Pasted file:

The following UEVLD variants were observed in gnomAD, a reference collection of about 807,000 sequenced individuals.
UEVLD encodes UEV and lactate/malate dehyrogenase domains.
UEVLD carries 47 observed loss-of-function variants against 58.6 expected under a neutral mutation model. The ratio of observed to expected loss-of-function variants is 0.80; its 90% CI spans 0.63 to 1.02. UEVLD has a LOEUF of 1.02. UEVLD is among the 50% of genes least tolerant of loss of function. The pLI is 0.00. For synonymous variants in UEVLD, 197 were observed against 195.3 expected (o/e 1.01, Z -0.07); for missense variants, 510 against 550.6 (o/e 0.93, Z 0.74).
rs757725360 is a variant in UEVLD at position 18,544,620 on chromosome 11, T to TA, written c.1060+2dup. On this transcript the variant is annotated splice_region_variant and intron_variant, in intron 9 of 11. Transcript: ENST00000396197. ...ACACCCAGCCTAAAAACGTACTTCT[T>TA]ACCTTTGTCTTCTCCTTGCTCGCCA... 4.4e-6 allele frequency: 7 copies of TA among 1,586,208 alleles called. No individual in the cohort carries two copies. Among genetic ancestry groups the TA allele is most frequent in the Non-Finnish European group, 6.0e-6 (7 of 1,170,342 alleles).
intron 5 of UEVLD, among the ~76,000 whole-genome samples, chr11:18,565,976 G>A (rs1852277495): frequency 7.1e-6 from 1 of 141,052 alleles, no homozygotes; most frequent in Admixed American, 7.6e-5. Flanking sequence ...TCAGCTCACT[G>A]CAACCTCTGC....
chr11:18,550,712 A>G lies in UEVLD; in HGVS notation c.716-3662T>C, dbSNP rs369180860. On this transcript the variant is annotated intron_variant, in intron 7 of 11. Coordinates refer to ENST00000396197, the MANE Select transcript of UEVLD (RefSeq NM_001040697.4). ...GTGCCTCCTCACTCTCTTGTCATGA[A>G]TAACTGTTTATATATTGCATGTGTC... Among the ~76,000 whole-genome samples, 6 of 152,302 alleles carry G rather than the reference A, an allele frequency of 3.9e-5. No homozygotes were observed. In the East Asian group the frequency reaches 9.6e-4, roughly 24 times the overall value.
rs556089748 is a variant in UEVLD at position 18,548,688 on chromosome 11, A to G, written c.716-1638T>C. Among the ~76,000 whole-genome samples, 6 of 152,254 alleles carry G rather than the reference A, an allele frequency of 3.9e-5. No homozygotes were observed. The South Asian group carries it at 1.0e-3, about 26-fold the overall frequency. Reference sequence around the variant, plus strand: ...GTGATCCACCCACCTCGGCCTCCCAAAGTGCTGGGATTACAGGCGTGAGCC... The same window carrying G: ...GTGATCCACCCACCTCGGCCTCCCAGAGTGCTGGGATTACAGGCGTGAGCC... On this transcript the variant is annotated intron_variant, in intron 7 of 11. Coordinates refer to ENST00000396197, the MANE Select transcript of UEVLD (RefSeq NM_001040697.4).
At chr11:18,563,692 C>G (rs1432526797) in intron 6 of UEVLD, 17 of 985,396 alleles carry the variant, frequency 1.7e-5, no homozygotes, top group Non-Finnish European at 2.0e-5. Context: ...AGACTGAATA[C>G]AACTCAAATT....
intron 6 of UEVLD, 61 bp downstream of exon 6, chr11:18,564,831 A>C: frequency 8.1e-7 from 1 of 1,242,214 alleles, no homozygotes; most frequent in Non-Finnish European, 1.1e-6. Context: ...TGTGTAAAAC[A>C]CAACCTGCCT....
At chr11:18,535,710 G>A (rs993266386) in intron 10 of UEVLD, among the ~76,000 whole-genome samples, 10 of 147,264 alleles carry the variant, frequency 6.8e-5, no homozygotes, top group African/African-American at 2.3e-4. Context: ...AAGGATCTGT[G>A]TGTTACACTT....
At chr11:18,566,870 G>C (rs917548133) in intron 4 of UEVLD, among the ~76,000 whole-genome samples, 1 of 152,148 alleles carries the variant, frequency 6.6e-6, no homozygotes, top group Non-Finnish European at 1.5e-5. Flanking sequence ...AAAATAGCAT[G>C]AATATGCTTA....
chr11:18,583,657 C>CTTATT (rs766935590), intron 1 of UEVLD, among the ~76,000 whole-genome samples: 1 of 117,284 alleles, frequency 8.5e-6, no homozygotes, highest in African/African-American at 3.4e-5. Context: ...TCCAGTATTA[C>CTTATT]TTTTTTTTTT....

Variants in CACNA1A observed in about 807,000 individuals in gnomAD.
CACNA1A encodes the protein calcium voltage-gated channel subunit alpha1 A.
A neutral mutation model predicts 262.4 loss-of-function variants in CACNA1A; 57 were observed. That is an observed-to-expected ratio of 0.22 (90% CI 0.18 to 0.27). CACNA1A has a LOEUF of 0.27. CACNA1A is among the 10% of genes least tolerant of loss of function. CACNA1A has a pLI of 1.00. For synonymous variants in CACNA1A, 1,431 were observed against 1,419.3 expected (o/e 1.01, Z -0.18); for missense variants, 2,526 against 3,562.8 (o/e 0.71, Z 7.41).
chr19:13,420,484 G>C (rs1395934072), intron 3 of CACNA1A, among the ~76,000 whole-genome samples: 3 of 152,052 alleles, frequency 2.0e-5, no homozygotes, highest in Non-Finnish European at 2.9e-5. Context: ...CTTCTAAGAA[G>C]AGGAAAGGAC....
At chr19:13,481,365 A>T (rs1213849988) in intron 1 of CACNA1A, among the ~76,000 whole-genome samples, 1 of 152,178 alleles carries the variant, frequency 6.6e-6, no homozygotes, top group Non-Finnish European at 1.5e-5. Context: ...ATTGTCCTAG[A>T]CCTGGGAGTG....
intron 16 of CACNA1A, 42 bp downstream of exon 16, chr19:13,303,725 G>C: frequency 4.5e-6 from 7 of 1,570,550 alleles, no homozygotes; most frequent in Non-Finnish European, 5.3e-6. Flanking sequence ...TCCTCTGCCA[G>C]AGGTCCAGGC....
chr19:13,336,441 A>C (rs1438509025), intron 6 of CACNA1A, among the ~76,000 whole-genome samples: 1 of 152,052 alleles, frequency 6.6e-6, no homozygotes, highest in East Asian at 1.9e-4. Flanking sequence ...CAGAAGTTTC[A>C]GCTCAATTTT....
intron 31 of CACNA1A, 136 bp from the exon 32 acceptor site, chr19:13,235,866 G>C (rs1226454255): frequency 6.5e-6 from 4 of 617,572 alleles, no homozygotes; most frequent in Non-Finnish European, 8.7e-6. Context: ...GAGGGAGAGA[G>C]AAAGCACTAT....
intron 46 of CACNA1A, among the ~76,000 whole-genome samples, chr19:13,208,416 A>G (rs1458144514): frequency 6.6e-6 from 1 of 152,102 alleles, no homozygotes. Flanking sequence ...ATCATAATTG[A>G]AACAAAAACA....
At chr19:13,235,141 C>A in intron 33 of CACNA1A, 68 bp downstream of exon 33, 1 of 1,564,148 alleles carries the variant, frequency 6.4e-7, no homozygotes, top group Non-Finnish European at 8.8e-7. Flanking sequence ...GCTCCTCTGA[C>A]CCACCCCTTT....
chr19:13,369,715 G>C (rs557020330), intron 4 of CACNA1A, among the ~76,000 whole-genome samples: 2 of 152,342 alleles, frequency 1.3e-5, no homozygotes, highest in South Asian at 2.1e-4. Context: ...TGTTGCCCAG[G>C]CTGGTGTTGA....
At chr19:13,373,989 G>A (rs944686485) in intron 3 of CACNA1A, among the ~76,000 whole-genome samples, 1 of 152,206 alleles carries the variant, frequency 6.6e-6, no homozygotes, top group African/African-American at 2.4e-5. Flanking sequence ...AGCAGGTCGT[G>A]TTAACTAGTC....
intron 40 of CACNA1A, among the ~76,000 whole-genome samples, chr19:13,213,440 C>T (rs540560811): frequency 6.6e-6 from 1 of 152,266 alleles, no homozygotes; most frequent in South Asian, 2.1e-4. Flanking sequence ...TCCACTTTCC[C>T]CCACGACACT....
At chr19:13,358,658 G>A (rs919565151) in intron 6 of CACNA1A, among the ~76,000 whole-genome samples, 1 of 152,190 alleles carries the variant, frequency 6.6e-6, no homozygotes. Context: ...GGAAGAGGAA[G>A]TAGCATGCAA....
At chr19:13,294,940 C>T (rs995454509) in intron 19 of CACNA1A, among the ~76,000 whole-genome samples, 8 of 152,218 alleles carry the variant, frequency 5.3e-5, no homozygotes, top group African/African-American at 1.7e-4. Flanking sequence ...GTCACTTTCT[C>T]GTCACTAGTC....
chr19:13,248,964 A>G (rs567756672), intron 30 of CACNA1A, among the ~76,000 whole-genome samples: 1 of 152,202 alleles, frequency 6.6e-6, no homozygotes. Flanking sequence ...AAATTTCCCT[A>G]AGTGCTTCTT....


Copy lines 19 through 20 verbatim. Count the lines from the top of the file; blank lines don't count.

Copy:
chr19:13,336,441 A>C (rs1438509025), intron 6 of CACNA1A, among the ~76,000 whole-genome samples: 1 of 152,052 alleles, frequency 6.6e-6, no homozygotes, highest in East Asian at 1.9e-4. Flanking sequence ...CAGAAGTTTC[A>C]GCTCAATTTT....
intron 31 of CACNA1A, 136 bp from the exon 32 acceptor site, chr19:13,235,866 G>C (rs1226454255): frequency 6.5e-6 from 4 of 617,572 alleles, no homozygotes; most frequent in Non-Finnish European, 8.7e-6. Context: ...GAGGGAGAGA[G>C]AAAGCACTAT....